It seems that since emergents cannot defend their positions biblically, it follows that they must resort to other tactics in order to deflect people from their weak and indefensible doctrines and ideas. They have to have some sort of answer for those of us who are attacking their ideas– and I stress, not them personally.
For example, at the Richmond Examiner online edition, Nazarene pastor Scott Marshall attacked my post on the Trevecca labyrinth and retreat story, which is fine with me. He is entitled to his opinion. But it is the nature of his criticism that I question, and that seemed to come from the same old playbook that is used by those who love the emergent agenda. Here is what he said:
‘While there is a place to discuss differences, I don’t think this group of people–from what I have seen–are going about it in a kind or helpful way. For instance: the Concerned Nazarene’s website allows only comments that have been emailed and moderated to be posted. No dissenting opinions are listed. The Facebook fan page is the same. If they are “right”, why keep the discussion out of it? I wish they’d spend the time they are spending “defending” Nazarene doctrine on making disciples and serving the poor in their local contexts. As it is, they are doing little more than fear-mongering. To a person, the people who’ve brought it to my attention don’t know the discussion involved and so are naturally concerned. Based on the one-sided arguments, I’d be concerned too. The problem is that they’ve made the Emergent Church into a theological monolith and its anything but. Anyone who reads voraciously will tell you there is plenty to be listened to from those labeled Emergent, and plenty to discard. How is this different than ANY theological articulation? It’s not! As such, they are asking people to fear and tear down a straw man’.
As to the article about spiritual formation, I have two thoughts.
1 – Everyone who has studied spiritual formation will tell you its a tradition based on Scripture, not something directly out of Scripture. That is nothing new. The thinking is that all truth is God’s truth, so we embrace it wherever we find it (otherwise, we risk putting God in a box of our own making). If they are so against this sort of practice, then they need to leave their church buildings, never again be part of a denomination, never again read the Bible alone, and never again take a Faith Promise offering or host a visiting evangelist for a week of revival meetings. All of those are traditions based on Scripture. The logic is flawed. What’s more, meditation, silence and the like are referenced repeatedly in Scripture.
2 – From what I’ve read, I think the people need to leave the Nazarene Church and join the ranks of the Reformed tradition. I have nothing against that, I just think they’d be a lot happier there. The experts they interview I saw on the website were all Reformed. The view of authority of Scripture they espouse is Reformed, not Wesleyan (I read one scholarly article they referenced arguing otherwise, but that is a minority opinion at best). I say, please leave and make yourself happy. You are doing more harm than good by trying to stay and bring a foreign view into Wesleyanism. What comes to mind is the people Paul says to distance ourselves from–the argumentative and dissenters.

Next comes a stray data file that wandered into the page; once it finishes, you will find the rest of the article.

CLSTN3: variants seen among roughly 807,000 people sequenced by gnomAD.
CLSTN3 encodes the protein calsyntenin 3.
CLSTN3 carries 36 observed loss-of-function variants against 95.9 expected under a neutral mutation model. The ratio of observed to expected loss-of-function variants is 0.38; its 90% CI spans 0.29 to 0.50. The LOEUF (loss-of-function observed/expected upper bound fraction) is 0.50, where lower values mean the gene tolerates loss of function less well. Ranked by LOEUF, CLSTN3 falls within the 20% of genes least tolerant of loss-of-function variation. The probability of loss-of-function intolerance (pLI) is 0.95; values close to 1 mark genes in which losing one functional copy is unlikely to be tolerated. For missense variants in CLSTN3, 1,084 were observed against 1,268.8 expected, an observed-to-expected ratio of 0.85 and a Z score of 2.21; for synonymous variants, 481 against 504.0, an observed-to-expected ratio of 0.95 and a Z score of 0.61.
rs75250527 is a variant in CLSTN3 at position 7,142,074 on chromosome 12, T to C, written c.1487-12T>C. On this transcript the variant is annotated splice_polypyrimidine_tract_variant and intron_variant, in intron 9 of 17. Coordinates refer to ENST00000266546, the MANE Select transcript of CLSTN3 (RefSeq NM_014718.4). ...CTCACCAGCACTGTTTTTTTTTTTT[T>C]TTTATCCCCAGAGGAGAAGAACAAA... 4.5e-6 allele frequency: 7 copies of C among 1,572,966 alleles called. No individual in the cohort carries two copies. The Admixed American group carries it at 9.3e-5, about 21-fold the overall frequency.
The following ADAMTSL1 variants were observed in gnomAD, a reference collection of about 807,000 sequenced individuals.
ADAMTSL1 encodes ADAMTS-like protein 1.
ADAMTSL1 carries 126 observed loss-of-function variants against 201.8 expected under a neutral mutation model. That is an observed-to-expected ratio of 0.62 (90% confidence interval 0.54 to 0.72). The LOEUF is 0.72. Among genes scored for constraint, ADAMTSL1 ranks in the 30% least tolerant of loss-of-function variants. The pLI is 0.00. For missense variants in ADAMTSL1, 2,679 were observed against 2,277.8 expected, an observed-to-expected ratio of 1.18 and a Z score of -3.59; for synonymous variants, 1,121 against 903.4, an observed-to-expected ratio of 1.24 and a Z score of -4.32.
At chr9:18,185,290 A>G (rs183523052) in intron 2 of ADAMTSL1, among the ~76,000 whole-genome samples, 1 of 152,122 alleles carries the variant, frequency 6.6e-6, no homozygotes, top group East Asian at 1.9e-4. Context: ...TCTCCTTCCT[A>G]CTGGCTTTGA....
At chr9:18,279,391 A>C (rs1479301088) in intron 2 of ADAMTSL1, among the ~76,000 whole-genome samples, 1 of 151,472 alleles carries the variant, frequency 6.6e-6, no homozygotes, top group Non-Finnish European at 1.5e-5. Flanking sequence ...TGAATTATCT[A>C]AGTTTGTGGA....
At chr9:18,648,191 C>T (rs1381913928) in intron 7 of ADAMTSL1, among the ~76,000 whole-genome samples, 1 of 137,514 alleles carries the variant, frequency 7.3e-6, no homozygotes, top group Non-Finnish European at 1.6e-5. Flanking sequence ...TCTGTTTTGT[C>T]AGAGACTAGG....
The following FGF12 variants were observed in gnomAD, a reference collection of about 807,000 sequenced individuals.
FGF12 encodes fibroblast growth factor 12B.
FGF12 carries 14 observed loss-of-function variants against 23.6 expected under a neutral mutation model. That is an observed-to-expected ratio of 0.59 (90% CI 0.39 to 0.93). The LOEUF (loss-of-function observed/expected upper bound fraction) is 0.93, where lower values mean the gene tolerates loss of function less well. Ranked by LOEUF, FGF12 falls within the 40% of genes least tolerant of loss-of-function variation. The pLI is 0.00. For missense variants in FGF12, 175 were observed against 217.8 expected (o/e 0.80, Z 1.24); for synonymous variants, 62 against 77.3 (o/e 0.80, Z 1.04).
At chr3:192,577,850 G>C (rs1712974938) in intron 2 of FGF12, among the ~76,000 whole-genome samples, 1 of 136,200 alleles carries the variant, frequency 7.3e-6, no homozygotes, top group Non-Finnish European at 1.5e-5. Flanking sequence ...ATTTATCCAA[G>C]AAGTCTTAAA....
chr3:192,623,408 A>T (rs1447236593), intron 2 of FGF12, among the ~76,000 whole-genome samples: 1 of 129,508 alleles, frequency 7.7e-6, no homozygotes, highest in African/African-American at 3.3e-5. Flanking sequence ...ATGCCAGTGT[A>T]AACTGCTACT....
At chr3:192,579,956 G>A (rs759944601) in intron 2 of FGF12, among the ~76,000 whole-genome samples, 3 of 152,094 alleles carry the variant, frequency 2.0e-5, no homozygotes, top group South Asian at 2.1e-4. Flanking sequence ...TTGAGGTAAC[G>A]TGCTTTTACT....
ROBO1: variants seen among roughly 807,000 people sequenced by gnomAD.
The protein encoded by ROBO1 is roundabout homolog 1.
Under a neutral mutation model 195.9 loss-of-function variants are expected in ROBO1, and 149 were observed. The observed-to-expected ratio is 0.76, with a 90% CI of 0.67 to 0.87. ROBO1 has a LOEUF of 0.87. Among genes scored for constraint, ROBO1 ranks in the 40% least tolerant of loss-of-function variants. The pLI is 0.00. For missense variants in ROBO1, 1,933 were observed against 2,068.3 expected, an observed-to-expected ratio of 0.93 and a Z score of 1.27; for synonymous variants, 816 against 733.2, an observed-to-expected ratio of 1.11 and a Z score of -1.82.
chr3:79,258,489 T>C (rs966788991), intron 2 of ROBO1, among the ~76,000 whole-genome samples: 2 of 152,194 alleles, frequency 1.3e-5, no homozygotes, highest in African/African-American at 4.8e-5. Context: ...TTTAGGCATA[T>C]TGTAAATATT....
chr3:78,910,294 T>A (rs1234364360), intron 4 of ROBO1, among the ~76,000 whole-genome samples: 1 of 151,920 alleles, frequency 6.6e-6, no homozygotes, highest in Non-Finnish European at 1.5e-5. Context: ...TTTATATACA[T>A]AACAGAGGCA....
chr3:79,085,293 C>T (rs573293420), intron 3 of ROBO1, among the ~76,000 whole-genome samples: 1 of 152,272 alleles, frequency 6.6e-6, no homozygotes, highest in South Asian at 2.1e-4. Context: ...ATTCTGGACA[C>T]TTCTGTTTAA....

Some of their excuses or reasoning they use are right out of the Emergent Church playbook of demonizing the opposition. By the way, the following phrase is getting rather worn out: “…we risk putting God in a box of our own making.” The old and tired, “you can’t put God in a box” statement. Not sure which emergent first coined it. Have you ever heard that before? Well, here are the Top 10 from their playbook:
1. Distortion of facts or outright misrepresentation. If you go to the Trevecca post I wrote, you will see nearly 200 comments that were allowed. Roughly half were comments that did not approve of my article, yet he says “no dissenting opinions are listed.” Really? He also makes a similar erroneous case for our FaceBook page, neglecting to note that the FaceBook group specifically was set up for support of Concerned Nazarenes, and not for useless debate with emergents and their vain philosophies.
2. Forcing people to make a false either/or choice. “I wish they’d spend the time they are spending “defending” Nazarene doctrine on making disciples and serving the poor in their local contexts.” Emergents often make this argument as if we can do one thing, but not do the other choice at the same time. As if we must either defend doctrine, OR serve the poor. What about if we do both? It seems defending biblical doctrine is anathema to emergents, because that would bring their whole house of cards crashing down! Doctrine is a four letter word to them.
3. Ad hominem attacks without support. “…they are doing little more than fear-mongering.” or “Based on the one-sided arguments..” Yes, throw these comments out when nothing else can work, including refuting what we are saying with scriptural support. Other commonly used words are” divisive”, “unloving”, “hateful”, “un-Christlike”, “Pharisees”. They would not have liked Paul much if he was around today, would they? Yet he brings up Paul at the end of the comments. (Which reminds me of this; humorous but dead on accurate).